1. David Dickinson II

        Then don’t use it. But don’t eliminate it for those that do use it. It is great for sports and talk radio, in rural (especially mountainous) areas where FM signals are weak, for emergency broadcasts, in numerous low power “traffic information” systems, etc. AM has value.

  2. Buck

    This is all BS

  3. SCEcoBoost

    Such a hoked-up pity. We’re not believing you anymore, manufacturers. You pushed us over the cliff. Now, suffer.

  4. RF Engineer

    “… automakers claiming AM radio generates interference when used in EVs.”
    This is the most absurd statement I have heard on this issue.
    AM radio does NOT create any interference to EVs.
    The EVs create the interference to the reception of AM radio signals.
    The Inverters that change the DC from the battery to AC as used by the motors are the culprits. It can also be generated by the charging systems which using “switching” type electronics to change the AC from your house power to the DC that the battery requires.
    This interference also hampers the reception of MANY radio signals – even FM – because the interference (normally referred to as EMI – Electromagnetic Interference or RFI – Radio Frequency Interference) is also an electromagnetic wave exactly like the signal that your radio is designed to receive – so it is in competition with those signals that you want to hear. This EMI could conceivably prevent your garage door remote or anything else in the vicinity that uses RF from working. Soon many of your electronic items will need filters.
    More filtering is not the answer.
    What really needs to happen is that the EV should be prevented from generating the noise in the first place.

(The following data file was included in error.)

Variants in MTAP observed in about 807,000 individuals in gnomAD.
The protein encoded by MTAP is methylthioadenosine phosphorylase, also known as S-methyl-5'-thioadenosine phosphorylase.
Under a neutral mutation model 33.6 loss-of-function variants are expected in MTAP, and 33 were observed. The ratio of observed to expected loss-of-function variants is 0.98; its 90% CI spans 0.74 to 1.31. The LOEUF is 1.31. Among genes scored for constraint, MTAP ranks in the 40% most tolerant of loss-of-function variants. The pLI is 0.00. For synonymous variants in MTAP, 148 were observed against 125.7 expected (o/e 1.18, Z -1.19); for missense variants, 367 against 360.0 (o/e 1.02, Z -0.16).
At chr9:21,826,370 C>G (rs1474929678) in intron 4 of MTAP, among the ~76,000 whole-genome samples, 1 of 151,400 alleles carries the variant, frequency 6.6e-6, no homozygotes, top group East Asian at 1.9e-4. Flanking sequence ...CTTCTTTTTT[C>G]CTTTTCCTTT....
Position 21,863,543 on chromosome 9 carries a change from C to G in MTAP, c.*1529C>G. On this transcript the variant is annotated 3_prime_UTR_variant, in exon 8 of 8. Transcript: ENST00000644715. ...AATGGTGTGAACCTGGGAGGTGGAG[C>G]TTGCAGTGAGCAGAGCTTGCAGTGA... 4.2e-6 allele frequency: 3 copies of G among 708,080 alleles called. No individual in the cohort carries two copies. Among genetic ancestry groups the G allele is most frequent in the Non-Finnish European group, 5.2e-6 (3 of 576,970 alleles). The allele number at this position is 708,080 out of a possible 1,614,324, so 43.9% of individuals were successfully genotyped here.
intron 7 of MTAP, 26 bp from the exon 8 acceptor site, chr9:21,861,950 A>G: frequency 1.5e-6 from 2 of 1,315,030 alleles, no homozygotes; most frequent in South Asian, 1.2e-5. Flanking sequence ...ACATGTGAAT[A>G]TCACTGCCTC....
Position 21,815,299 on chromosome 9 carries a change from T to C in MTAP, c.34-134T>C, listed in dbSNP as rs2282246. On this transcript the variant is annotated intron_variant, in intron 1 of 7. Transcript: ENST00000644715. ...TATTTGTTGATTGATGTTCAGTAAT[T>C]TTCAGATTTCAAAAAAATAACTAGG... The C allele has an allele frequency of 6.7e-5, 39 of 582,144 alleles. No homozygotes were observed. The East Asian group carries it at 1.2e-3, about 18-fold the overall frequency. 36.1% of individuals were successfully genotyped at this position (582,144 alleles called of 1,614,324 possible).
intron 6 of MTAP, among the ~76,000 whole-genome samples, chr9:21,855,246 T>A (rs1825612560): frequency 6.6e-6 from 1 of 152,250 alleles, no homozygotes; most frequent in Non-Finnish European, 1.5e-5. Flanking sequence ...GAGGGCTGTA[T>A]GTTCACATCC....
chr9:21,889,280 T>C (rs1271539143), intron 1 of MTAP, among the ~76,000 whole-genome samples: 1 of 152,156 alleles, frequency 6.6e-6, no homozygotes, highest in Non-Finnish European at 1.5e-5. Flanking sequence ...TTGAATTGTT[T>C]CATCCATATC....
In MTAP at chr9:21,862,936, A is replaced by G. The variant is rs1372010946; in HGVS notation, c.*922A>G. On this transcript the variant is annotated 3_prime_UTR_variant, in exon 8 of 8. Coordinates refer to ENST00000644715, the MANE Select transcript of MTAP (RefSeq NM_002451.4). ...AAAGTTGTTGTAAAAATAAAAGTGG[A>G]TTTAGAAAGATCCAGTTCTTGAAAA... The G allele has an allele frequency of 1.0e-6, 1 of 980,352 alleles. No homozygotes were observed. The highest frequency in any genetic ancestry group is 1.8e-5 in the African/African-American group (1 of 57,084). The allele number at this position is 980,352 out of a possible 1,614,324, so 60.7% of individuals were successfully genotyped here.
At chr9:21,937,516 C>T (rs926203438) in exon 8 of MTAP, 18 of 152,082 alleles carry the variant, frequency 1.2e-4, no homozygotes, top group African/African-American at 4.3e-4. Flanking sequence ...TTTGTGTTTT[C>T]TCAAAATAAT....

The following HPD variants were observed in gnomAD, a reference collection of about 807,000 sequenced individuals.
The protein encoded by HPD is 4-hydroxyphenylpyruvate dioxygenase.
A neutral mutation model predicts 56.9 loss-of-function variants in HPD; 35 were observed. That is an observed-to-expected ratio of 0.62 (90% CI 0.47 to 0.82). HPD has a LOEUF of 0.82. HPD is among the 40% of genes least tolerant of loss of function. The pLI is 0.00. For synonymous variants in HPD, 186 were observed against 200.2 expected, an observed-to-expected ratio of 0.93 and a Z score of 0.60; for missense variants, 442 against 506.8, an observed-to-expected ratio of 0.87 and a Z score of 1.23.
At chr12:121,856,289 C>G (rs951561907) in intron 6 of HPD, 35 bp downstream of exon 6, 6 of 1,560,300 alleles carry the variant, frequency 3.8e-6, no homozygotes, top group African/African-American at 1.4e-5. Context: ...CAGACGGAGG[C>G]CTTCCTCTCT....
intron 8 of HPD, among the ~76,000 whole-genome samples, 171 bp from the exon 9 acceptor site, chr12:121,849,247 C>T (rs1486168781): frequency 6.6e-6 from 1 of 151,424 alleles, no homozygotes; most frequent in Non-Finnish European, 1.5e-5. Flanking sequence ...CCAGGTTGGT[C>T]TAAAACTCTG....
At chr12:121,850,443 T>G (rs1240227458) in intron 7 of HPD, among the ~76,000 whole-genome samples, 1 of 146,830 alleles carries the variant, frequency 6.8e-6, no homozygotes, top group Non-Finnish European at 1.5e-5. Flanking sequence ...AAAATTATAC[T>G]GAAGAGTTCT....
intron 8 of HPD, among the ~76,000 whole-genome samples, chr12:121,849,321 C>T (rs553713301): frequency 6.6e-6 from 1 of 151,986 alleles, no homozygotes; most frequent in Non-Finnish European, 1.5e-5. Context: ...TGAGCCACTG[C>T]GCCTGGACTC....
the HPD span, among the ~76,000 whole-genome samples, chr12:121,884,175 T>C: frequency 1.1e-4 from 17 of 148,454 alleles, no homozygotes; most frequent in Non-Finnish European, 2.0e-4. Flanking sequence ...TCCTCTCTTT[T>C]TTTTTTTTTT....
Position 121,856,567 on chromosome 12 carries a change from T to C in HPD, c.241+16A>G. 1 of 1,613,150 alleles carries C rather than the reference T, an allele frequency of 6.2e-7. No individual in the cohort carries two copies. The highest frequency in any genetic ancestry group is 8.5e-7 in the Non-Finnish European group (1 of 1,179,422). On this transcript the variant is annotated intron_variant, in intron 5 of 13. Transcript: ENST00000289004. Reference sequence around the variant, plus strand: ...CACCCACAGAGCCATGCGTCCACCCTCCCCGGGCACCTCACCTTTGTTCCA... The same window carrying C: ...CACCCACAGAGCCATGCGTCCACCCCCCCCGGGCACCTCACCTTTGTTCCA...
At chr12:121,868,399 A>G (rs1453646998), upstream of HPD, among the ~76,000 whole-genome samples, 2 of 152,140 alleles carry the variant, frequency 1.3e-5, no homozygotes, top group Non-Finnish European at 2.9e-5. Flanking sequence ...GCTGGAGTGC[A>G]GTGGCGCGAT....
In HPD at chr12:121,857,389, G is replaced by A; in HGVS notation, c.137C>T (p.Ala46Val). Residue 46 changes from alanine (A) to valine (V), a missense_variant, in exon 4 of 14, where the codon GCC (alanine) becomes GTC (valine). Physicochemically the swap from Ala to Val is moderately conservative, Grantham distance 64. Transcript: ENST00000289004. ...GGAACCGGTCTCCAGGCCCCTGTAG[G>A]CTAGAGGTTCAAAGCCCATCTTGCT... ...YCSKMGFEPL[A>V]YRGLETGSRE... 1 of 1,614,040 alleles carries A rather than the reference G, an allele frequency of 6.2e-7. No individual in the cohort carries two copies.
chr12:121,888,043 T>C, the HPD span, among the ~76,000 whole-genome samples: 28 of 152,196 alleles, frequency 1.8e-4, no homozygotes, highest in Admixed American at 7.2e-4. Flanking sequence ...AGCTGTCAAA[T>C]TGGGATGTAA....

1. KR Reed

      Thanks for the thoughts very good!

  5. Bill Howland

    Anyone who states “the am radio is interfering with the cars or remotes electronics”, is an imbecile.

  6. Christopher Boone

    This article is a joke. It’s obviously one-sided and biased. I’ve been a broadcast engineer for 40 years and have owned an AM stereo radio station. The manufacturers refused to put money in receivers! There’s no reason why the AM side of a radio cannot have noise blanketing and variable bandwidth along with stereo in them which would cost pennies per unit in large volume but the manufacturers like Ford have their heads up their butt and refuse to improve them. Don’t come with statements like this that it’s going to cost you money when you refuse to spend the money to make a radio that’s better. I wish Congress would mandate better receivers in car radios. I’m tired of listening to the dribble and the piece of crap AM sections that manufacturers put out.. I drive a Ford Escape and the AM section in it sucks. If I could find an older AM stereo radio to replace it with, you damn right I would.. four did make some decent am stereo radios in the ’80s and ’90s but over the years have cheapened them all in the name of profit, cutting the audio band with so the inconsumer won’t quote complain about noise “. Why not build a damn better radio that battles the noise? The Motorola amax 2 chip stereo system would do it. Radios with HD have enough DSP horsepower in them to be able to provide AM stereo, variable bandwidth, and noise blanketing with only a few extra lines of code. But you won’t do it!. You manufacturers have gotten cheap over the years..